This is my entry to the 11th Founding Anniversary of Eastern Mindanao Command (Armed Forces of the Philippines) Essay Writing contest Category B open to all Youth aged 15 to 30. This creative non-fiction essay won 3rd place with a score of 96% judged by EMC heads and Mindanaon Davao-based writers/columnist.
It’s been an hour but I still can’t think of the best introduction to this essay. The goal is to make whoever reads this one feel the emotion and message that I want to impart. My mind is definitely in war; the thoughts are in chaos. One thing is for sure, I am neither reluctant nor afraid of expressing myself. War?, I have plenty to say about it. We always have that in our house. Change and development?, I always try to craft a better version of me from time to time. I have spoken to people about my advocacies; I’m a youth development advocate. I’m a person who targets the heart when he talks or persuades someone, a romanticist. Wait, I just realized, I’m taking this personal already. Okay, shall I begin? Of course yes.
Hell is what it feels like to be inside a battlefield. An adamant fact is that the world itself is a battleground and life and honor is what we protect and fight for, it may be ours or for the sake of what we believe and the people we value. I’ve watched one mind-opening movie entitled Hacksaw Ridge, a 2016 biographical war drama focuses on the World War II experiences of Desmond Doss. It triggered my thought about how agonizing it is to be in a war. Desmond is a Seventh Day Adventist and he pledged to never fire a gun in war that makes it difficult and different for how peculiar it is to face a battle weaponless. It is equal as saying that you want to die. Jump off to the ending, sorry for spoiling, he survived and saved a lot of lives. The film left me aversion of violence and chaos.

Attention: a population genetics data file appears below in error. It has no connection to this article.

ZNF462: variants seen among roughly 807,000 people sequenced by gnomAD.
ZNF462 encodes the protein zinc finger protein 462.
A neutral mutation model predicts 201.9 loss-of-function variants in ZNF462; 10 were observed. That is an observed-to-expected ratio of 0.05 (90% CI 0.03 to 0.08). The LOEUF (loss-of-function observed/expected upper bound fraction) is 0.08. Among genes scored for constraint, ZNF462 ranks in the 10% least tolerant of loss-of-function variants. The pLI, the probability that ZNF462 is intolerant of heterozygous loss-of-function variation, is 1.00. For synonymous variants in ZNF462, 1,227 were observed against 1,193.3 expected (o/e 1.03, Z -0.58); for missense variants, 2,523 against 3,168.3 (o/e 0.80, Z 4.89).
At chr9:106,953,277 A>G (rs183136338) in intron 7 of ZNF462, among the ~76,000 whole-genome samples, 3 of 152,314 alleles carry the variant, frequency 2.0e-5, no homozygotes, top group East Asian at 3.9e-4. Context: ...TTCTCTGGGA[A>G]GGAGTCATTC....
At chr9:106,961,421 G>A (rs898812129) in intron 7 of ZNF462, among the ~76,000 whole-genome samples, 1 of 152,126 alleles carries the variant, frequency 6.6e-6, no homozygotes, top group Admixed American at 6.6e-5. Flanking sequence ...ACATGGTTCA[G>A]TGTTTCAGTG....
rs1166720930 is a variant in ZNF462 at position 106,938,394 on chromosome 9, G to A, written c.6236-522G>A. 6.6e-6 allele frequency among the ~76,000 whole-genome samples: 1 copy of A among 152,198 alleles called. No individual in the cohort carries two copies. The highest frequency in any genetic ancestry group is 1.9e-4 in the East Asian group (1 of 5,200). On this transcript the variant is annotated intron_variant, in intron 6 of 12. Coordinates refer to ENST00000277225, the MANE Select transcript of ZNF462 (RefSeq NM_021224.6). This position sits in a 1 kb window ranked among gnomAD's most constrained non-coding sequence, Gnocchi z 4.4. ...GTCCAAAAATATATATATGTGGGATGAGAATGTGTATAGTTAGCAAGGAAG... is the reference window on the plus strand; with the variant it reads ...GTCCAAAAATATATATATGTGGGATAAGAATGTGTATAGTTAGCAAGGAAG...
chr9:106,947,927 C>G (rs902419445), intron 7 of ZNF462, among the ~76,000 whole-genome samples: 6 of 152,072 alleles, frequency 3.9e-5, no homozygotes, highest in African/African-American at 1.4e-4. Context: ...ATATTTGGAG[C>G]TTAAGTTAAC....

Our soldiers are offering their lives to protect our motherland. I can still recall myself as a child that I once dreamt of becoming a soldier. My friends would probably laugh at this. I cannot blame them for today, I’m 20, stiff and enervated. I lost it, gave up of that dream but never the way how I look up to our cavalrymen. The place where I live at is near the 30th Infantry Battalion, 4th Infantry Division of the Philippine Army. It’s like I’m basically living together with them. I meet the armies in or out of their uniforms, see their smiles and positive outlook of life. But I am aware that those faces aren’t hiding the reality that they are people ready to die. Anytime a call for sacrifice will invite them to be in catastrophe. This havoc will test their ability to fight death, living their families the uncertainty of seeing them again alive.